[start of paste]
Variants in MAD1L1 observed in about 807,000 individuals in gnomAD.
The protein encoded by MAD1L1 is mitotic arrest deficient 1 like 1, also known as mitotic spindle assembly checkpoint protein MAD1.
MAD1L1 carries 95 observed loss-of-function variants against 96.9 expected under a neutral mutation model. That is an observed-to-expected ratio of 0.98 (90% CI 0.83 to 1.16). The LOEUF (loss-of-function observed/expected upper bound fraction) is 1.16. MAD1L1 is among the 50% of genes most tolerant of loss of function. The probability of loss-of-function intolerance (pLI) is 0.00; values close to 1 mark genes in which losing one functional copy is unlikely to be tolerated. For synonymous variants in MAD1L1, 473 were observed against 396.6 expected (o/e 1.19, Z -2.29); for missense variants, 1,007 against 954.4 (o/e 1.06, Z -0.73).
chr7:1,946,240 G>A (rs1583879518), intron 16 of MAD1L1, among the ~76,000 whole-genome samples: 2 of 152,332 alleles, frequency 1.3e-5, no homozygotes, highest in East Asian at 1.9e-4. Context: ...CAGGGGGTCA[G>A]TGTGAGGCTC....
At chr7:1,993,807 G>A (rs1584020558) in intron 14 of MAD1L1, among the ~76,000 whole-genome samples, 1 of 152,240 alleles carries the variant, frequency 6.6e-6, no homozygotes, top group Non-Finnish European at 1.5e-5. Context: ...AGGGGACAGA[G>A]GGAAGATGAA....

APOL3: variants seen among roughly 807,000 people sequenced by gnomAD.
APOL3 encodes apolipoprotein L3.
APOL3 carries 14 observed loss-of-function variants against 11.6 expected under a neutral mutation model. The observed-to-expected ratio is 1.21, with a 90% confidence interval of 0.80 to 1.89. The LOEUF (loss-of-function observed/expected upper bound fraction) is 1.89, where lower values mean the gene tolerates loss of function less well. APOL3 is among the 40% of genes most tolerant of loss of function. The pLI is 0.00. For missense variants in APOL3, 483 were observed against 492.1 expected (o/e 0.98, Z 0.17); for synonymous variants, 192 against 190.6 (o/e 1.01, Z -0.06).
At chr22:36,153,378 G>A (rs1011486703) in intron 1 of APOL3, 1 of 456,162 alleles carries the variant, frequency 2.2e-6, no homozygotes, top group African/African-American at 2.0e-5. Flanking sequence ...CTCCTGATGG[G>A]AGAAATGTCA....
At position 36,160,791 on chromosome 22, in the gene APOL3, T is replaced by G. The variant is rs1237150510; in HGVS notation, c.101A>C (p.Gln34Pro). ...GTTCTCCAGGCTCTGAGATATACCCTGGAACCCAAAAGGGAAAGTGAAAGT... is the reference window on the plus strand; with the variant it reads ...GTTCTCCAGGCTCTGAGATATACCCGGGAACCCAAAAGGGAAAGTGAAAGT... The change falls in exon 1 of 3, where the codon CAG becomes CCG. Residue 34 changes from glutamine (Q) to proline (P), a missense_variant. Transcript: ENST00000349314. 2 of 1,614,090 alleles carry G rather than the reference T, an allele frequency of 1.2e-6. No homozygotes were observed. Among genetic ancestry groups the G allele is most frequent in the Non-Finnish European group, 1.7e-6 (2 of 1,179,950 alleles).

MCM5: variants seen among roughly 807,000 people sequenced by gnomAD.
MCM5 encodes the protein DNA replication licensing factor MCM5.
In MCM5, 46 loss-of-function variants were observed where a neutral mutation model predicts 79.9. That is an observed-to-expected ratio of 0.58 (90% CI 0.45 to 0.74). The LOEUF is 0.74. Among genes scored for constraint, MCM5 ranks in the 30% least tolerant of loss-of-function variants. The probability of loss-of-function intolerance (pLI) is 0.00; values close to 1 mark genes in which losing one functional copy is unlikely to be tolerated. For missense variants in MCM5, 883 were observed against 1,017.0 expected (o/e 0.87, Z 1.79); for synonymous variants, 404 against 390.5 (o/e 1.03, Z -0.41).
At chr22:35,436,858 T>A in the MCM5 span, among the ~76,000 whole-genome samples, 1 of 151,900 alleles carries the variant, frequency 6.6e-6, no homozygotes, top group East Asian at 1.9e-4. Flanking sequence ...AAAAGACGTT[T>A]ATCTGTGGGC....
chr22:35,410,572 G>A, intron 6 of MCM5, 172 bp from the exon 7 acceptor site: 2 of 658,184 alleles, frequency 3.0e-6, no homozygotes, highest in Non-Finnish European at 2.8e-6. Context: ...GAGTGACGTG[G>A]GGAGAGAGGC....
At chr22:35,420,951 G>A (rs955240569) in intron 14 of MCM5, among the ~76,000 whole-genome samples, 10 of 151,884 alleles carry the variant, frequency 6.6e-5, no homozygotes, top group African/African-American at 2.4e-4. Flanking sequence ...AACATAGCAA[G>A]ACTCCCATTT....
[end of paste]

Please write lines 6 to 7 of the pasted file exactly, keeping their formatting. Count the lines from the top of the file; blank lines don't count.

APOL3: variants seen among roughly 807,000 people sequenced by gnomAD.
APOL3 encodes apolipoprotein L3.